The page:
Over the past few weeks, the Illinois Department of Employment Security website has been moved to a new hardware infrastructure to handle the increased demand. Web, storage and processing capacity has also been improved to meet the increased needs, according to the governor’s office. The state says call center capacity has been increased and daily call center hours have been extended.

Florida will start accepting paper applications for unemployment benefits as a result of ongoing crashes and failures with its online system, Ken Lawson, the head of the state agency that processes claims, said Thursday.

Florida’s online system, CONNECT, went offline for hours Wednesday as the state dealt with an unprecedented surge of jobless claims. Florida had more than 222,000 claims last week.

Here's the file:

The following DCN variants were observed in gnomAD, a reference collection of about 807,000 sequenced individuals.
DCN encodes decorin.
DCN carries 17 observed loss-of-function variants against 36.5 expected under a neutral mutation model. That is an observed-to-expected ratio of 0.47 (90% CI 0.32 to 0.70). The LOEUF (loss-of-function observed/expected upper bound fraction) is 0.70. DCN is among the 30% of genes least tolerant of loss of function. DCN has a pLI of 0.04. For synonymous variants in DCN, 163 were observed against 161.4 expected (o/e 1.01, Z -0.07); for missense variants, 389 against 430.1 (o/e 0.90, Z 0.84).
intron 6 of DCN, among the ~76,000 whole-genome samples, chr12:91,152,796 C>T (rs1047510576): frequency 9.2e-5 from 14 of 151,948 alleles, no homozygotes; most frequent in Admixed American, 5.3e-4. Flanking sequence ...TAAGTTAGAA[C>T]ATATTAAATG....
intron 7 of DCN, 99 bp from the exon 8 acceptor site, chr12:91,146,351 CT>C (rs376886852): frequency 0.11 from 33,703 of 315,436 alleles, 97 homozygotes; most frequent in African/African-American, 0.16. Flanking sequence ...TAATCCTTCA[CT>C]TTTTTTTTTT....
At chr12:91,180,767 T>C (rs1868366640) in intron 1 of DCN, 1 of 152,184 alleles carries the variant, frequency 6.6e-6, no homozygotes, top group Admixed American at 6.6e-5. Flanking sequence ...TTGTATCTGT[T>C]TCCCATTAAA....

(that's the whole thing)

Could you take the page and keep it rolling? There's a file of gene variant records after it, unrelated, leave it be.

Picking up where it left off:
Lawson, director of Florida’s Department of Economic Opportunity, announced the move at a town hall meeting with two Democratic legislators. He also apologized for the ongoing problems. The beginning of the town hall was disrupted by hackers and others who cursed at Lawson and the legislators.

The “next week or two” is going to be difficult, Lawson said.

Katy Murphy, Caitlin Emma, Shia Kapos, Joe Anuta,Gary Fineout and Katherine Landergan contributed to this report.

This article was originally published at Politico on April 2, 2020. Reprinted with permission.

About the Author: Rebecca Rainey is an employment and immigration reporter with POLITICO Pro and the author of the Morning Shift newsletter.